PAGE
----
Rocket Men

Rob Wijeratna and Charlie Donaldson set up Rocket Licensing and Rocket Consulting in January 2007, when they thought the time was right to fulfill what they perceived as a need for a "nimble and agile" consultancy.

April 6, 2018

3 Min Read

Rob Wijeratna and Charlie Donaldson set up Rocket Licensing and Rocket Consulting in January 2007, when they thought the time was right to fulfill what they perceived as a need for a "nimble and agile" consultancy. i1_565.jpg

The pair met at BBC Worldwide, where Wijeratna worked for 12 years, followed by stints at HarperCollins and Entertainment Rights. Donaldson left the BBC for a 12-year stint at ITV companies.

The duo's first signing was Dangerous Book for Boys, an intuitive deal that is paying off as the quirky boys' and men's property finds its niche. Rocket has set up 18 licensees globally, and Christmas 2008 saw product launched in the U.K., U.S., Australia, New Zealand, Canada, Holland, Belgium, France and Germany.

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Other signings include entertainment properties from the portfolios of MGM and HBO, HarperCollins US, and Decode's Franny's Feet. It also represents retro property of the moment, Atari.

In the spring, two non-executives, Rupert Dilnott-Cooper and Helen McAleer, joined the business. With their media experience at Carlton Communications, Walker Books, Channel 4 and BBC Worldwide, Wijeratna and Donaldson believe they can help to take the business to a new level.

Apart from the economy, what is happening in the industry now?

The core licensing model is a tough one to make work. If you are a straight licensing agency, the margins are really very tight. Working cross-category with retailers is the gold standard, but retailers are extremely competitive, and buyers tend to be focused on their own shelf space.

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One of the things that is important now is that people want to feel safe. So classic brands that people can relate to are very important. Atari really fits into this mood for nostalgia and so does the new Fame, which is just right for the 1980s retro fashion mood.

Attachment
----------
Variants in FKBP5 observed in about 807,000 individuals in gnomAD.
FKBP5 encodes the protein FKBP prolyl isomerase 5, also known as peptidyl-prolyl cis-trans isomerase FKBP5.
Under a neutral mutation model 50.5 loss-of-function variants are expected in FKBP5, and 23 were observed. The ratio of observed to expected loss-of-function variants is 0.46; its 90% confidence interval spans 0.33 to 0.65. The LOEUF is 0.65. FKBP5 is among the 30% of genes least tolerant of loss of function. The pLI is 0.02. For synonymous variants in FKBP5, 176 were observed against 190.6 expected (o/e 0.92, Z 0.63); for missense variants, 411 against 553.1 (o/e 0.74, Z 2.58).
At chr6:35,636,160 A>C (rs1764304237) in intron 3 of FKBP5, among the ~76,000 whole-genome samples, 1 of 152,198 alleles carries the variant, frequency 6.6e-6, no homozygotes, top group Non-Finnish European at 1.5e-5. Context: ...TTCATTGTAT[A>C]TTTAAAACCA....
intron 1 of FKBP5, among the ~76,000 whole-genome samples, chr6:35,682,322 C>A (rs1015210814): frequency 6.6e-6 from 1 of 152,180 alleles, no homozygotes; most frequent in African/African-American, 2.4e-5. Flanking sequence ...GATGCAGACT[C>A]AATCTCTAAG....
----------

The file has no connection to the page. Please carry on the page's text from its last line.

What's your approach to licensing?

For us, this business is about working with great partners and great brands. We only go for brands that we love. Although we are growing, we are very selective about what we sign. We want to be able to give each brand absolute focus, time and energy and be able to work closely with the licensors, licensees and retailers. We are skewing slightly toward entertainment properties, but we have a mix of experience and know the industry really well, so we can operate in all areas.

What's happening at Rocket?

MGM's remake of Fame debuts globally on Sept. 25, and we've got 14 best-in-class licensees on board, covering categories from kids' apparel to melamine ware, stationery and classic and new Fame fashion. We're looking to set up deals on beauty and cosmetics and are talking to retailers on direct-to-retail deals; we're presenting now on a brandwide basis and bringing key buyers together. We've had a great response from retail; licensees and buyers feel nostalgic about the original Fame, and the new story is just as relevant.

Fame will be followed at Christmas with the new St Trinian's movie. Plus on the HBO side, we have "True Blood" and "The Wire" just starting to air.

Atari fashion is about to burst onto the U.K. high street as licenses with Joystick Junkies and Trademark Products come to fruition with product about to hit stores, including Topman, Rover Island, Next and Urban Outfitters.

What's the next big thing?

Fame!

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